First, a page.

A great website to check out for more information about elephants in zoos is:  





Greyhounds are in the news this week. The Monday, January 17 Independent, in the UK, ran a beautiful piece based on a memorial being organized, to take place on May 1, for a dog named Rusty. It is followed up in the Tuesday Independent with an op-ed discussing not just greyhound racing, but wider animal protection issues. And today (Tuesday 1/18) the Miami Herlad ran a front page story on the attempts to bring slot machines, and thereby many more patrons, to dog tracks.

Those not familiar with the horror behind greyhound racing should visit the Greyhound Protection League site:

But the coverage, by Jonathon Brown, in Monday's Independent, was also strong, and pertains to the US and other countries that allow the sport, as much as to the UK. Headed, "A dog's life ain't what it used to be," it opens:

"Rusty the greyhound's toe injury proved to be fatal. After performing poorly during a race at Warwick in April, the once-prized sprinter could no longer earn its keep. The following week, Rusty was discovered by a walker in South Wales, lying whimpering on a rubbish tip, its tail still wagging. The dog had been shot through the head with a captive-bolt pistol, its ears cut off to remove identifying tattoos. A vet was called to finish the bungled job of killing the dog."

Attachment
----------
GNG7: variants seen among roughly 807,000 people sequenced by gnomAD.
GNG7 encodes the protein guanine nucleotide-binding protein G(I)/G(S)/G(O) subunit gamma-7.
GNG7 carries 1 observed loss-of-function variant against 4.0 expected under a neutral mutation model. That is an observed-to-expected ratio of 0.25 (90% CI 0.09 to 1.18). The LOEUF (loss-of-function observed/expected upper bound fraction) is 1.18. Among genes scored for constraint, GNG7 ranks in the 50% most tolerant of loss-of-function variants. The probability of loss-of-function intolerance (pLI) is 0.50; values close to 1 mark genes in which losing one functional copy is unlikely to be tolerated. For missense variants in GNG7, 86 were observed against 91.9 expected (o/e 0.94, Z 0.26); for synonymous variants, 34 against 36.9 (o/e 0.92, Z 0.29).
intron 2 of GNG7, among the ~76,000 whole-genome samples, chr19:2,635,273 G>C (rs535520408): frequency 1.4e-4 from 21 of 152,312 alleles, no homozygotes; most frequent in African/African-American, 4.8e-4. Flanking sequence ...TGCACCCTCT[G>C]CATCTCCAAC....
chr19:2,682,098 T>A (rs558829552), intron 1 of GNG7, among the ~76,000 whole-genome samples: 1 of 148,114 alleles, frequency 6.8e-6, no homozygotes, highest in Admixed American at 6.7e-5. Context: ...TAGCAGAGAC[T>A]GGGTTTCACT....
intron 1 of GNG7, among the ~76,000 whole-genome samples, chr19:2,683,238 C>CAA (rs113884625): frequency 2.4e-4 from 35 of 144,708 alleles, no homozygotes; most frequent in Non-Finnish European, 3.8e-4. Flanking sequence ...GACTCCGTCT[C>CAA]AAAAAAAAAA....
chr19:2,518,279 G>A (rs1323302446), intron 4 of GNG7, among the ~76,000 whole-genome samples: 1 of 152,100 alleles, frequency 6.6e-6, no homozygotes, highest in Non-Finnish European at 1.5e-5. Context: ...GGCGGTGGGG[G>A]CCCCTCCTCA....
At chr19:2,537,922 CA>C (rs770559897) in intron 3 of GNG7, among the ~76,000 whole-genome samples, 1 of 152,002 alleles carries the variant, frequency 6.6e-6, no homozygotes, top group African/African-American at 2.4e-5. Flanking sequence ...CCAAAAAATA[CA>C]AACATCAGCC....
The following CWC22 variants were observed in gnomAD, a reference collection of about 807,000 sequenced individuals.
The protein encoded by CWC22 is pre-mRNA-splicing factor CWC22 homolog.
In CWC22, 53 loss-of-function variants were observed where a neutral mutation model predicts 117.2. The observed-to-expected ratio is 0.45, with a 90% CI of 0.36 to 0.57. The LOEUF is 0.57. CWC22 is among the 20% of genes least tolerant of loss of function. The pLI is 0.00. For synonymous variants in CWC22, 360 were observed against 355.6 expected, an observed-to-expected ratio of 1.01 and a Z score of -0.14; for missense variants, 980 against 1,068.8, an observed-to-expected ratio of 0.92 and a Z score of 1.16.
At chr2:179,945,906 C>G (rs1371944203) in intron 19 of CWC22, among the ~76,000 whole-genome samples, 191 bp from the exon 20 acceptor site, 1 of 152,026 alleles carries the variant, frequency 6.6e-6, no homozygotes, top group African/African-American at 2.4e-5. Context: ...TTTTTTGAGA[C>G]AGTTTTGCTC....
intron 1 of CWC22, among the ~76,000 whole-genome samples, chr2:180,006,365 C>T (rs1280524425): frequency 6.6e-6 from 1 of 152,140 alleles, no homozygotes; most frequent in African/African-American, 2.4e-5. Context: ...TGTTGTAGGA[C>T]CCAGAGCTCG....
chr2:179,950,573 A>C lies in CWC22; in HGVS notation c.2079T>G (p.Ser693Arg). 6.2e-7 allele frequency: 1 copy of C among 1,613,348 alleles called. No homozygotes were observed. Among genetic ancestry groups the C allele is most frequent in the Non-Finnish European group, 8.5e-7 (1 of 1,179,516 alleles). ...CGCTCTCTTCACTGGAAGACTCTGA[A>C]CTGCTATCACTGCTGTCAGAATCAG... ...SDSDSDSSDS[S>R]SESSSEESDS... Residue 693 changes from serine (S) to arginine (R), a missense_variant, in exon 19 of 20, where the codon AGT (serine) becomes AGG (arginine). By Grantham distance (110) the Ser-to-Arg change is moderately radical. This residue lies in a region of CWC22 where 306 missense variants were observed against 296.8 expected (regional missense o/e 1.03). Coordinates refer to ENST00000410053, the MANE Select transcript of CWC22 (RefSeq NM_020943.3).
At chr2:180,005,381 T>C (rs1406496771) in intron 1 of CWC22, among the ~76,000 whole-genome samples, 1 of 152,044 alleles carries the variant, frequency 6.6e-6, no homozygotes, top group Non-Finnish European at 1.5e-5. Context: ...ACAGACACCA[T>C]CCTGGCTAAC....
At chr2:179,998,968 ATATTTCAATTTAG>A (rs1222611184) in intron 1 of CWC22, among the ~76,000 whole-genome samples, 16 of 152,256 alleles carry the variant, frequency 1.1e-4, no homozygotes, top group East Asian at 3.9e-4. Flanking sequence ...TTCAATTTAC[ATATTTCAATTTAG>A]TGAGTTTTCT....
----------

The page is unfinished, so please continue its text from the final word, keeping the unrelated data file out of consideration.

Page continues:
We learn, "A recent study said that because of the shortage of suitable homes for retired dogs, a similar fate threatens thousands of greyhounds and lurchers discarded in Britain each year as they reach the end of their racing lives."

And the article refers to the dogs who die and even slower death than Rusty: "In Ireland, where 80 per cent of the puppies that enter the industry are bred, protesters are claiming that former racing animals are being sold to mainland Europe for use in vivisection.... In addition, animal rights supporters want to highlight the plight of greyhounds in Australia, from where, they claim, many former racing animals are being shipped to south-east Asia for experimentation. In Britain, they are calling for an end to the use of fallen dogs for dissection."

You can read the whole article on line at: 

A piece by columnist Terence Blacker in the Tuesday, January 18, Independent is headed: "These fanatics are chasing after the wrong hare."